PRESIDIO OF MONTEREY, Calif. -- The Army's top conflict resolution specialists descended upon the Presidio of Monterey Equal Opportunity Office to certify the post's newest batch of collateral duty mediators last month.
"We're doing a 40 hour course in basic mediation training," said Marc Van Nuys, the Army's director for alternative dispute resolution out of Arlington, Virginia and head instructor for the training team. "The focus is on workplace disputes."
The 24 newly certified mediators will be part of the Presidio's EEO strategic reserve, swooping in like cavalry to help settle disputes when called upon. Their goal: to solve problems at the lowest level before a complaint reaches the formal EEO stage. Luisa Gonzales, the Presidio's EEO director, said that without mediators the formal process for a complaint takes up to three to four years and wreaks havoc in the workplace.
"These individuals we're training now will be who we call in to mediate," said Gonzales. "If we can solve the conflict in a day, they can go then back to their job and do what they need to do."
Van Nuys said the training focused on interest-based negotiation and a mediation technique called alternative dispute resolution (ADR). That means, rather than having two adversaries at the table lock horns until one is declared a winner, the mediator creates an environment where the parties involved feel like two equal partners. The parties then sign an agreement to which both had input.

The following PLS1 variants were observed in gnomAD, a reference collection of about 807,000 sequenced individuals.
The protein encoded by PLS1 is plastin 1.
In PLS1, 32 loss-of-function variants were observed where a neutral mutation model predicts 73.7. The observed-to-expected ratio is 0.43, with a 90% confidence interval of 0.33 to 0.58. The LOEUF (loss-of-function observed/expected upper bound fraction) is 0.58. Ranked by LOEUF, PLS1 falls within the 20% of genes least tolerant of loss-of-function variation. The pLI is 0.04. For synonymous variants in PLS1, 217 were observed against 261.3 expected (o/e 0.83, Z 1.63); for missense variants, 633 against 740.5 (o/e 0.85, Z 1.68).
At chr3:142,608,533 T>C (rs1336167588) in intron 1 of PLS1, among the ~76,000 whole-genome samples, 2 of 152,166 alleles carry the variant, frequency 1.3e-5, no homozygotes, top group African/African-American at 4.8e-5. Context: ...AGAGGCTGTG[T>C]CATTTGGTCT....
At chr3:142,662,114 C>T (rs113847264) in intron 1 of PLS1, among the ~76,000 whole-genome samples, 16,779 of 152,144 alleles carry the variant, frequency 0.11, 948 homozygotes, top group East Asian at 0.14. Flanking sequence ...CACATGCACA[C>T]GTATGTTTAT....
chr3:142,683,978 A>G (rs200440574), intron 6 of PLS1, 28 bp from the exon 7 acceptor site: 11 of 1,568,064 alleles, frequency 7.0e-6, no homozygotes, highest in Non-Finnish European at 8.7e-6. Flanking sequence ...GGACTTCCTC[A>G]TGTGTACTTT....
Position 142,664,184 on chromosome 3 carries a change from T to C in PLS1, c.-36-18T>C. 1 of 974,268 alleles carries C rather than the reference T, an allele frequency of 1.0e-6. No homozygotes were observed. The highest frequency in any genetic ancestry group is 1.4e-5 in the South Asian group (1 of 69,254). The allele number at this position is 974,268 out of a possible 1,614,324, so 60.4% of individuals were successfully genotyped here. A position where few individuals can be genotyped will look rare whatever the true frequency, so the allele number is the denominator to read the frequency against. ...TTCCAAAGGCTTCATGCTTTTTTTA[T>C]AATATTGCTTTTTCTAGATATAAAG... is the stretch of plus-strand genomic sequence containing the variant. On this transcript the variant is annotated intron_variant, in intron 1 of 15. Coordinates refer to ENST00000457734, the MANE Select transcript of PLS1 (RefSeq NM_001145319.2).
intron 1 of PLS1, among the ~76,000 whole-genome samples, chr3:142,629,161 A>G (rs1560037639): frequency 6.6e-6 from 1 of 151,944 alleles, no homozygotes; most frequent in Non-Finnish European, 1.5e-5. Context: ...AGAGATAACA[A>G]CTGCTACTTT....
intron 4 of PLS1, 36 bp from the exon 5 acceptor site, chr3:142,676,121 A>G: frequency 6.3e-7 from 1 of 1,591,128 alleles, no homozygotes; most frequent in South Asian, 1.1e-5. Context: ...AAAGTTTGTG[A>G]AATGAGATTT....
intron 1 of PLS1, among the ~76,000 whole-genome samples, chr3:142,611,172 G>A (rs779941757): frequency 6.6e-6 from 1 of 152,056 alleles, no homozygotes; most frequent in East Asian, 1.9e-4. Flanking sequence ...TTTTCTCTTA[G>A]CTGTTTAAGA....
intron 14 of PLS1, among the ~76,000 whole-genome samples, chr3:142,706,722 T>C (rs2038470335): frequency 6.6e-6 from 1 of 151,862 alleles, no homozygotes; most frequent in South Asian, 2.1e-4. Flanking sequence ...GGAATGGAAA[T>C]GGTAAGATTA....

"You'll find less incidents of people saying they were cheated on their agreement, because they had a direct hand in creating it," Van Nuys said. "ADR builds commitment to agreements."
Along with academic discussion on active listening and communication, the class conducted five mock conflicts where the students acted as mediators. Van Nuys added that one of the unique challenges he discussed with the class, many who were language instructors at the Defense Language Institute, was how different cultures affect a workplace.
"Cultural influences in negotiation and mediation are significant and can make the difference in whether a conflict is easily resolved or whether it metastasizes and gets out of control," he said.
Van Nuys wants the class to use their new tools not just as official EEO collateral mediators but as unofficial mediators in the workplace stopping disagreements before they boil into conflict.
"We want people to leave the class thinking like a mediator," he said. "Instead of lashing out we look at ways to own the dispute and resolve it."
One of the mediation class' students, Gorge Bebawi, a faculty development specialist at DLI, said he was ready to take the week's training into the wild.
"What people want is to enjoy what they are doing," Bebawi said. "What's going to happen to someone who's waiting three or four years for a complaint to go through? -- nothing good."
He added that he's excited to bring his skills to his day-to-day job training teachers at Middle East School II. "They teach you how to be a good listener; how to mediate; how to ask the right question; and how to solve problems," he said. "I can add these skills to our team-building events and conflict resolution classes."
Van Nuys said he hopes the class will provide a valuable tool to the Presidio of Monterey, but stressed that active listening and language skills are the keystone to being an effective communicator.
"The only weapon the mediator has is his ability to communicate effectively and to use their questions smartly to get information," he said.